Babylon Zoo
These Days Tour
9 August 1996 Tina Turner Wildest Dreams Tour
9 August 1997 U2 Audioweb PopMart Tour
24 August 1997 Michael Jackson HIStory World Tour
26 August 1997
25 June 1998 Elton John
5 August 1998 The Rolling Stones Bridges to Babylon Tour
5 August 1999 Mestarit
26 June 2001 AC/DC George Thorogood & The Destroyers Stiff Upper Lip World Tour
16 June 2003 Bruce Springsteen The Rising Tour
17 June 2003
16 July 2003 The Rolling Stones ZZ Top
The Hellacopters
Licks Tour
28 May 2004 Metallica Slipknot
Lostprophets
Madly in Anger with the World Tour
17 June 2004 Paul McCartney 2004 Summer Tour
11 June 2007 Genesis Turn It On Again: The Tour
15 July 2007 Metallica HIM
Diablo
Sick of the Studio '07
1 August 2007 The Rolling Stones Toots & The Maytals A Bigger Bang Tour
16 June 2008 Bon Jovi MoonMadness Lost Highway Tour
11 July 2008 Bruce Springsteen Magic Tour
18 July 2008 Iron Maiden Avenged Sevenfold
Lauren Harris
Somewhere Back in Time World Tour
17 June 2009 AC/DC The Answer
Blake
Black Ice World Tour
20 August 2010 U2 Razorlight U2 360° Tour
21 August 2010
17 June 2011 Bon Jovi Block Buster
The Breakers
Bon Jovi Live
8 July 2011 Iron Maiden Alice Cooper The Final Frontier World Tour
31 July 2012 Bruce Springsteen Wrecking Ball World Tour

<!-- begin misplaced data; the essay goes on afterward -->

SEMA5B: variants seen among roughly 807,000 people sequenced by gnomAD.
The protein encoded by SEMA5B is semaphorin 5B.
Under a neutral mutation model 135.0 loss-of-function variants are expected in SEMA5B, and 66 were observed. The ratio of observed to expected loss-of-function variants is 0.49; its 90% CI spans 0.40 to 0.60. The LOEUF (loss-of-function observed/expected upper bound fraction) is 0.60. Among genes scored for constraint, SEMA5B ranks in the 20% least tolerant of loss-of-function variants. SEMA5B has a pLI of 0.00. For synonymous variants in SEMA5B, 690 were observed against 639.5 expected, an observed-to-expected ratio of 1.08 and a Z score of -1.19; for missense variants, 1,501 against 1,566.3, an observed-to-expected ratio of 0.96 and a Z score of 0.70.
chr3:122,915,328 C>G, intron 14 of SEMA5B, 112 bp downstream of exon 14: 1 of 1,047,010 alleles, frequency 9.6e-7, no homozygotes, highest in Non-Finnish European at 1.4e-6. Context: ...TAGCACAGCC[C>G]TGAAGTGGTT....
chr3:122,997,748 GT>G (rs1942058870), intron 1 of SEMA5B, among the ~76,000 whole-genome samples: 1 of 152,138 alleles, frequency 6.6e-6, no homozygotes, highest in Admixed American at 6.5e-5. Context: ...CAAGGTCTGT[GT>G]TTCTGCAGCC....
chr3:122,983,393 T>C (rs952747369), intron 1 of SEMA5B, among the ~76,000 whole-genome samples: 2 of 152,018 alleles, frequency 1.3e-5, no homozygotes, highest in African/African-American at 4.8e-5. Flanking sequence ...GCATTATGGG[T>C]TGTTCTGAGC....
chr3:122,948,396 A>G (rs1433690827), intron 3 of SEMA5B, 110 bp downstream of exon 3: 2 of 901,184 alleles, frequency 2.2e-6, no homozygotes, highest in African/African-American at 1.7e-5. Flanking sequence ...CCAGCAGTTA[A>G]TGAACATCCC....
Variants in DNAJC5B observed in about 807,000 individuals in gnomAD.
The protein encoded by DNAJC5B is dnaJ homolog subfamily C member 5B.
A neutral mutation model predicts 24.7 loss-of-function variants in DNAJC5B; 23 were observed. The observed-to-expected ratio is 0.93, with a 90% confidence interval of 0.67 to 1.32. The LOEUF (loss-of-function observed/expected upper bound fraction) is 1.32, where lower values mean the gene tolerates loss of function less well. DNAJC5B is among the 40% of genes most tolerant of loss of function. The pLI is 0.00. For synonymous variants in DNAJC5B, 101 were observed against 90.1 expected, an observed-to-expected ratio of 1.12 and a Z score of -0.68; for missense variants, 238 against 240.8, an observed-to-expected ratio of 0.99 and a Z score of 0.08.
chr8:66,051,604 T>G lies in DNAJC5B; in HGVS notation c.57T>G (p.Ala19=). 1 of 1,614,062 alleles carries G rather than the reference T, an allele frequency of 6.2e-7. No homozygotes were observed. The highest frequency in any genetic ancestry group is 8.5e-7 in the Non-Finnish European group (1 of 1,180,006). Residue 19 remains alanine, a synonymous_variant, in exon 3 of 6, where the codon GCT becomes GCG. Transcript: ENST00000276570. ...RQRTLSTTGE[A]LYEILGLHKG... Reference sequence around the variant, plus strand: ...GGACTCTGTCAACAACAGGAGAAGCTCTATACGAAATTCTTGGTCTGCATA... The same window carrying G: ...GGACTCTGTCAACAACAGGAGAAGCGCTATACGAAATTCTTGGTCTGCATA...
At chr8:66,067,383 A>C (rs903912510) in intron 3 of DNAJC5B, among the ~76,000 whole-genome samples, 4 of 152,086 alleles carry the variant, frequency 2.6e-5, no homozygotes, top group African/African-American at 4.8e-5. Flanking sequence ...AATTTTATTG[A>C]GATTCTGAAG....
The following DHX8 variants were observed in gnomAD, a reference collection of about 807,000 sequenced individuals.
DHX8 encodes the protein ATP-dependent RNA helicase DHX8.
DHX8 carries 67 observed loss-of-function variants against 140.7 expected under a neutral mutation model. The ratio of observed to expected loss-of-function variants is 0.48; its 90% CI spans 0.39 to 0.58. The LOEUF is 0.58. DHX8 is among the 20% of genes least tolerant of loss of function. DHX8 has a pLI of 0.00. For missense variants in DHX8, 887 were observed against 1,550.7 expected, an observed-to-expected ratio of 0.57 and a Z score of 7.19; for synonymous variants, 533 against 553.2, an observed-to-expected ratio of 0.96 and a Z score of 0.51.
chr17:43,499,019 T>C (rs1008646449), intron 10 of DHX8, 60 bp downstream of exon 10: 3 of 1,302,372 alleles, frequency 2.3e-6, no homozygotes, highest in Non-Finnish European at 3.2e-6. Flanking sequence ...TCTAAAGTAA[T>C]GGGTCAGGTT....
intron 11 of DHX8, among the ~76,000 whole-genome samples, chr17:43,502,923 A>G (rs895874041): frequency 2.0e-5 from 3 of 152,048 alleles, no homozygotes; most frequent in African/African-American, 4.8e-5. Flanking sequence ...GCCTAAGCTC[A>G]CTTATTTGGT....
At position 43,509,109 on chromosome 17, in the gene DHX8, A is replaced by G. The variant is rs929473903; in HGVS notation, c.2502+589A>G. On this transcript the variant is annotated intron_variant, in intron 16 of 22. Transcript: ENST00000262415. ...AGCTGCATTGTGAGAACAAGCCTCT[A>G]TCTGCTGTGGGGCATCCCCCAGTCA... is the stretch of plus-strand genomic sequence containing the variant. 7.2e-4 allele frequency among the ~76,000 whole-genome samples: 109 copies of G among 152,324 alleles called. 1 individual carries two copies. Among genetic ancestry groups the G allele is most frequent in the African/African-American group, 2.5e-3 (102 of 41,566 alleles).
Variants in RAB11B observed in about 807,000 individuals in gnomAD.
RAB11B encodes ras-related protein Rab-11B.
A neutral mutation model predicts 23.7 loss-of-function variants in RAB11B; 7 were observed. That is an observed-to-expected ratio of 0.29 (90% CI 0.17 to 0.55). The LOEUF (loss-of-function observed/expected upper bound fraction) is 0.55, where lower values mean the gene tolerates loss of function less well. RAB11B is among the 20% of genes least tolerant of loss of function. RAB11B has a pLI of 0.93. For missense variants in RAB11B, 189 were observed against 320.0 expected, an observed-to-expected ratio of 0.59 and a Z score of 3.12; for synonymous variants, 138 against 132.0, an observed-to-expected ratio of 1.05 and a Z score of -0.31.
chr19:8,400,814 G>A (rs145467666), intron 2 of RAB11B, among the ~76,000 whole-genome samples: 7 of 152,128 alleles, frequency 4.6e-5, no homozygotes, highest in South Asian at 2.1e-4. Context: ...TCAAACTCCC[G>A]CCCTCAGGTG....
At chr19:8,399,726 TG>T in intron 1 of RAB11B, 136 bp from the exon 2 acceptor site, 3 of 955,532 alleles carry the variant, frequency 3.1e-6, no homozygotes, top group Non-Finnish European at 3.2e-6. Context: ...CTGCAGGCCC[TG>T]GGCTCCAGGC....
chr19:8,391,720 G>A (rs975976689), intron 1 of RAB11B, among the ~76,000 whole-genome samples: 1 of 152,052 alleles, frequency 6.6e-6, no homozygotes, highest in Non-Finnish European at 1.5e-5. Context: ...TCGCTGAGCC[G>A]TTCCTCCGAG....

12 August 2012 Madonna Martin Solveig The MDNA Tour
20 July 2013 Iron Maiden Amorphis
Sabaton
Ghost
Maiden England World Tour
27 July 2013 Muse Mew
French Films
The 2nd Law World Tour
22 August 2014 Cheek JVG
22 August 2014
27 June 2015 One Direction Isac Elliot
McBusted
On the Road Again Tour
16 August 2015 Jari Sillanpää

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References

  1. 1 2 "Olympiastadionin korjauksen hintalappu kallistumassa jälleen – vuosia remonttivasaran alla olleen stadioinin määrä avautua elokuussa". mtvuutiset.fi. 9 November 2019. Retrieved 14 December 2019.
  2. Modernisation and renewal of the Helsinki Olympic Stadium Archived 24 December 2014 at the Wayback Machine Retrieved on 20 December 2014
  3. StadiumDB.com: Helsinki: Olympiastadion is great but the price isn’t, 23.01.2021
  4. "UEFA". Twitter. Retrieved 27 March 2020. 🗓 BREAKING: The 2022 UEFA #SuperCup final will be held in Helsinki, Finland, at the Olympic Stadium.⁣

Commons-logo.svg Media related to Helsingin olympiastadion at Wikimedia Commons

Preceded by
Empire Stadium
London
Summer Olympics
Main venue (Olympic Stadium)

1952
Succeeded by
Melbourne Cricket Ground
Melbourne
Preceded by
Empire Stadium
London
Summer Olympics
Athletic competitions
Main venue

1952
Succeeded by
Melbourne Cricket Ground
Melbourne
Preceded by
Empire Stadium
London
Summer Olympics
Men's football
Final venue

1952
Succeeded by
Melbourne Cricket Ground
Melbourne
Preceded by
Ewood Park
Blackburn
UEFA Women's Euro
Final venue

2009
Succeeded by
Friends Arena
Solna
Preceded by
Windsor Park
Belfast
UEFA Super Cup
Match venue

2022
Succeeded by
Ak Bars Arena
Kazan